Re: DSM: public school prisons (sharing the SVS model, etc.)


Alan Klein (Alan@klein.net)
Sun, 19 Nov 2000 09:02:00 -0500


Reeny,

Thanks for your response. I, too, value honey over vinegar. From my
experience, and from my hearing the experiences of others involved with
democratic schools, though, "catching more flies" is a two-edged sword. On
the one hand, we want to attract lots of people. On the other, we often find
people being attracted who don't fully understand the philosophy, the
methodology, or their implications. These people often feel totally shafted
(by the school) when they realize that they were not really attracted to the
school, but were attracted to their fantasy about the school.

I can assure you that the list Mimsy presented (in her inimitable,
straight-ahead, bordering-on-sarcastic style) is culled from her many years
of experience; experience that I believe is shared by all those involved
with democratic schools. While any list is bound to be somewhat general,
since it attempts to compile many people's somewhat disparate experiences
into each bullet point, her list seems to me to be pretty specific as well
as wide-ranging. As to attribution, I can't imagine to whom we would look
other than to Mimsy for expertise in these matters.

~Alan

----- Original Message -----
From: <isamom@mindspring.com>

> Well, since you asked, aside from the glaring evidence (to me) that the
list
> is formulated to characterize parents seeking better educational
> opportunities for their children as dumb, it's also pieced together in a
> mean spirited way. Maybe that's Mimsy's style, personally, I tend to go
for
> the flippant, sarcastic, cheap shots. The list seemed general, vague and
not
> attributed to anyone or with any evidence to support its criticisms.
> Regardless, I think you can catch more flies with honey then vinegar, at
> least where the parents are concerned.
> Reeny
>
> > From: "Alan Klein" <Alan@klein.net>
> > Reply-To: discuss-sudbury-model@aramis.sudval.org
> > Date: Sat, 18 Nov 2000 16:04:58 -0500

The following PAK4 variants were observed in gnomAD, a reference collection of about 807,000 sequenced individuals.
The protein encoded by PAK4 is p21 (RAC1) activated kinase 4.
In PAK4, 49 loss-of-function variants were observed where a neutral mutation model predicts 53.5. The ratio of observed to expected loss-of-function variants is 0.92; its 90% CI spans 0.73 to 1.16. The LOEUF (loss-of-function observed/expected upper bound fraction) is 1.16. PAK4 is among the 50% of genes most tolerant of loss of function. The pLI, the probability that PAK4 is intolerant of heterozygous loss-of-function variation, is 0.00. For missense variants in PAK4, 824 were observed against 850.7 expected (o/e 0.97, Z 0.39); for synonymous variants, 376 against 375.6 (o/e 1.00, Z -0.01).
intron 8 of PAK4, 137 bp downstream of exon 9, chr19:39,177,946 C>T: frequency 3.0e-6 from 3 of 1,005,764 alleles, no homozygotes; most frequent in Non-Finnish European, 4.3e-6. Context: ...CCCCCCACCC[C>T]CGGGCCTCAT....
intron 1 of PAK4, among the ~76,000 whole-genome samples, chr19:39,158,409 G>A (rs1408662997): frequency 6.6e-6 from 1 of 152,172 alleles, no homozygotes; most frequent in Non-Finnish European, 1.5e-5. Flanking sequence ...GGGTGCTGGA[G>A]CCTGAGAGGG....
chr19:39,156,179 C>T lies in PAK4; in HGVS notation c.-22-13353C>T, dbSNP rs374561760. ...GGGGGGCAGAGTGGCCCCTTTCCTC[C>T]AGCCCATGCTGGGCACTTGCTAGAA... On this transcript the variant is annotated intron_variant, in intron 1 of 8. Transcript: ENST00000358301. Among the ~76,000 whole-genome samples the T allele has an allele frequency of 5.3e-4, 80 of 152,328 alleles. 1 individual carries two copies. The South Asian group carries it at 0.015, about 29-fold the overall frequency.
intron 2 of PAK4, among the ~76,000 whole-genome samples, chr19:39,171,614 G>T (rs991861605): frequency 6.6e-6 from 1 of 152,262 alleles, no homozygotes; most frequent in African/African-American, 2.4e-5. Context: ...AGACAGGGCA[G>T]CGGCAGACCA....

> > To: <discuss-sudbury-model@aramis.sudval.org>
> > Subject: Re: DSM: public school prisons (sharing the SVS model, etc.)
> >
> > Reeny,
> >
> > I am curious as to what has you regard the list as condescending.
> >
> > ~Alan Klein
> >
> > ----- Original Message -----
> > From: <isamom@mindspring.com>
> >
> >
> >>> From a parents perspective, I think this list is condescending. Wish
we
> >> could be as enlightened as you all.
> >
> >>> Msadofsky@aol.com wrote:
> >>>
> >>>> A short and incomplete list of reasons parents might have to send a
> > child to
> >>>> a sudbury school
> >>>> (1) They agree with what they think the philosophy is. This is
often
> >>>> NOT what the philosophy is but, especially in the beginning of the
> > kid's
> >>>> enrollment, they haven't yet figured that out.
> >>>> (2) They agree with the philosophy and actually want their children
to
> >>>> grow up feeling free, empowered, in charge, and darn smart.
> >>>> (3) They find the sudbury school to be the least of many evils; they
> >>>> wish there were just a little curriculum, but there isn't, so they
> > either
> >>>> work to change it, openly or covertly, or they impose the curriculum
at
> > home
> >>>> just to be sure their kids are exposed to everything, in the detail
the
> >>>> parents think is necessary, that the parents think every child must
be
> >>>> exposed to.
> >>>> (4) It is the only private school they can afford except for
parochial
> >>>> schools and none of the parochial schools suit their fancy.
> >>>> (5) They find the sudbury school to be the least of many evils in
> > their
> >>>> area.
> >>>> (6) They feel the kids will be safe, if uneducated, in a sudbury
> > school.
> >>>> (7) Their kids are having their spirits mutilated in one way or
> > another
> >>>> -- perhaps dumbed down; perhaps something else -- in some other type
of
> >>>> schooling, and they are desparate to get the kids into something that
> > may
> >>>> help rebuild self-esteem. These parents can actually let that happen
> > to
> >>>> their child(ren) or not; they can manage to subvert the child's real
> >>>> independence of thought and so it will not happen if they really try
> > hard.
> >>>> (8) Their kids refuse to attend school in a "normal" school, and
they
> >>>> give up and sign the papers so they can go to a school that they will
> > attend.
> >>>> Results are mixed in these situations.
> >>>>
> >>>> I know there are others, but this is a starter list.
> >
>
>



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